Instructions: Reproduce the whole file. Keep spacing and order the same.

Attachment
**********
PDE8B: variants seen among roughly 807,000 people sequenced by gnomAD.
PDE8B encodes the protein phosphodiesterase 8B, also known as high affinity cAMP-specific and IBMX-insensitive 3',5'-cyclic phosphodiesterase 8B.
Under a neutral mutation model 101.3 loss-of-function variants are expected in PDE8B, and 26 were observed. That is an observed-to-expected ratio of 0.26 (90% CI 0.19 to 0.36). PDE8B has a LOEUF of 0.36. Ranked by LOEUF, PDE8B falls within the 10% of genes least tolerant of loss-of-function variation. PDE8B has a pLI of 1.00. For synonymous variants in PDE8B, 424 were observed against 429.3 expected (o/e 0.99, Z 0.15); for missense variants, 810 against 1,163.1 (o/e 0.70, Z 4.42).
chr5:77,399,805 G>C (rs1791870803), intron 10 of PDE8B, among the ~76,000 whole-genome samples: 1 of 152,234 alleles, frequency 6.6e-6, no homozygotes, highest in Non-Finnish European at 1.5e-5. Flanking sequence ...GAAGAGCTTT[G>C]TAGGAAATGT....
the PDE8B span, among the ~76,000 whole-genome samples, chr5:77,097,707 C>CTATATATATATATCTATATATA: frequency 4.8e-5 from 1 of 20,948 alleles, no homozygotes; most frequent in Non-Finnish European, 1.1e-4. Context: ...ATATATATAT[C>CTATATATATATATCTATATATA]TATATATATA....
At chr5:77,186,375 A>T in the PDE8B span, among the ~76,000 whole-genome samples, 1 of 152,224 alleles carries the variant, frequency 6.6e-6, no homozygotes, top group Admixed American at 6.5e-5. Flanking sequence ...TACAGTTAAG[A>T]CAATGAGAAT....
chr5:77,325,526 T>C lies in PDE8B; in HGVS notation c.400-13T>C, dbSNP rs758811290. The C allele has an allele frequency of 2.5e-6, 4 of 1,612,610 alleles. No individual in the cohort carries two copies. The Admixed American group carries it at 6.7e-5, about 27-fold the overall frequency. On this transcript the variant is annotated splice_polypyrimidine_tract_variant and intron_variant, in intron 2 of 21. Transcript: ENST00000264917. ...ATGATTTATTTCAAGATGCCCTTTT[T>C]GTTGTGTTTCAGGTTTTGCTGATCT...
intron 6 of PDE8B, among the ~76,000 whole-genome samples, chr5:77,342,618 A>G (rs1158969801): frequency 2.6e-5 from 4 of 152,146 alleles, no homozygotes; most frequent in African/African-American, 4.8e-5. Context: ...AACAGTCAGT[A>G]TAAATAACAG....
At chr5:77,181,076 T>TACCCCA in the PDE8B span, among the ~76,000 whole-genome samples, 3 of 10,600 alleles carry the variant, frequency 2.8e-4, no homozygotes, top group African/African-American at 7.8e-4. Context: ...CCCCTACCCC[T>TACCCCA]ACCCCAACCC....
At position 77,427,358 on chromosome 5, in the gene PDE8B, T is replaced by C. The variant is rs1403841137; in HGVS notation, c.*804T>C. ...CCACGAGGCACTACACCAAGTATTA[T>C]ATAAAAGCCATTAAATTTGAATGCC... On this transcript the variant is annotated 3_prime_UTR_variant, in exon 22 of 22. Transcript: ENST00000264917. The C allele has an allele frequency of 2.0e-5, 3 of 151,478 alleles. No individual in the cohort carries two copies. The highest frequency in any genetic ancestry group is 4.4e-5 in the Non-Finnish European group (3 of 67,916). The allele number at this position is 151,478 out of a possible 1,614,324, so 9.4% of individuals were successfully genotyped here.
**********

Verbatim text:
PDE8B: variants seen among roughly 807,000 people sequenced by gnomAD.
PDE8B encodes the protein phosphodiesterase 8B, also known as high affinity cAMP-specific and IBMX-insensitive 3',5'-cyclic phosphodiesterase 8B.
Under a neutral mutation model 101.3 loss-of-function variants are expected in PDE8B, and 26 were observed. That is an observed-to-expected ratio of 0.26 (90% CI 0.19 to 0.36). PDE8B has a LOEUF of 0.36. Ranked by LOEUF, PDE8B falls within the 10% of genes least tolerant of loss-of-function variation. PDE8B has a pLI of 1.00. For synonymous variants in PDE8B, 424 were observed against 429.3 expected (o/e 0.99, Z 0.15); for missense variants, 810 against 1,163.1 (o/e 0.70, Z 4.42).
chr5:77,399,805 G>C (rs1791870803), intron 10 of PDE8B, among the ~76,000 whole-genome samples: 1 of 152,234 alleles, frequency 6.6e-6, no homozygotes, highest in Non-Finnish European at 1.5e-5. Flanking sequence ...GAAGAGCTTT[G>C]TAGGAAATGT....
the PDE8B span, among the ~76,000 whole-genome samples, chr5:77,097,707 C>CTATATATATATATCTATATATA: frequency 4.8e-5 from 1 of 20,948 alleles, no homozygotes; most frequent in Non-Finnish European, 1.1e-4. Context: ...ATATATATAT[C>CTATATATATATATCTATATATA]TATATATATA....
At chr5:77,186,375 A>T in the PDE8B span, among the ~76,000 whole-genome samples, 1 of 152,224 alleles carries the variant, frequency 6.6e-6, no homozygotes, top group Admixed American at 6.5e-5. Flanking sequence ...TACAGTTAAG[A>T]CAATGAGAAT....
chr5:77,325,526 T>C lies in PDE8B; in HGVS notation c.400-13T>C, dbSNP rs758811290. The C allele has an allele frequency of 2.5e-6, 4 of 1,612,610 alleles. No individual in the cohort carries two copies. The Admixed American group carries it at 6.7e-5, about 27-fold the overall frequency. On this transcript the variant is annotated splice_polypyrimidine_tract_variant and intron_variant, in intron 2 of 21. Transcript: ENST00000264917. ...ATGATTTATTTCAAGATGCCCTTTT[T>C]GTTGTGTTTCAGGTTTTGCTGATCT...
intron 6 of PDE8B, among the ~76,000 whole-genome samples, chr5:77,342,618 A>G (rs1158969801): frequency 2.6e-5 from 4 of 152,146 alleles, no homozygotes; most frequent in African/African-American, 4.8e-5. Context: ...AACAGTCAGT[A>G]TAAATAACAG....
At chr5:77,181,076 T>TACCCCA in the PDE8B span, among the ~76,000 whole-genome samples, 3 of 10,600 alleles carry the variant, frequency 2.8e-4, no homozygotes, top group African/African-American at 7.8e-4. Context: ...CCCCTACCCC[T>TACCCCA]ACCCCAACCC....
At position 77,427,358 on chromosome 5, in the gene PDE8B, T is replaced by C. The variant is rs1403841137; in HGVS notation, c.*804T>C. ...CCACGAGGCACTACACCAAGTATTA[T>C]ATAAAAGCCATTAAATTTGAATGCC... On this transcript the variant is annotated 3_prime_UTR_variant, in exon 22 of 22. Transcript: ENST00000264917. The C allele has an allele frequency of 2.0e-5, 3 of 151,478 alleles. No individual in the cohort carries two copies. The highest frequency in any genetic ancestry group is 4.4e-5 in the Non-Finnish European group (3 of 67,916). The allele number at this position is 151,478 out of a possible 1,614,324, so 9.4% of individuals were successfully genotyped here.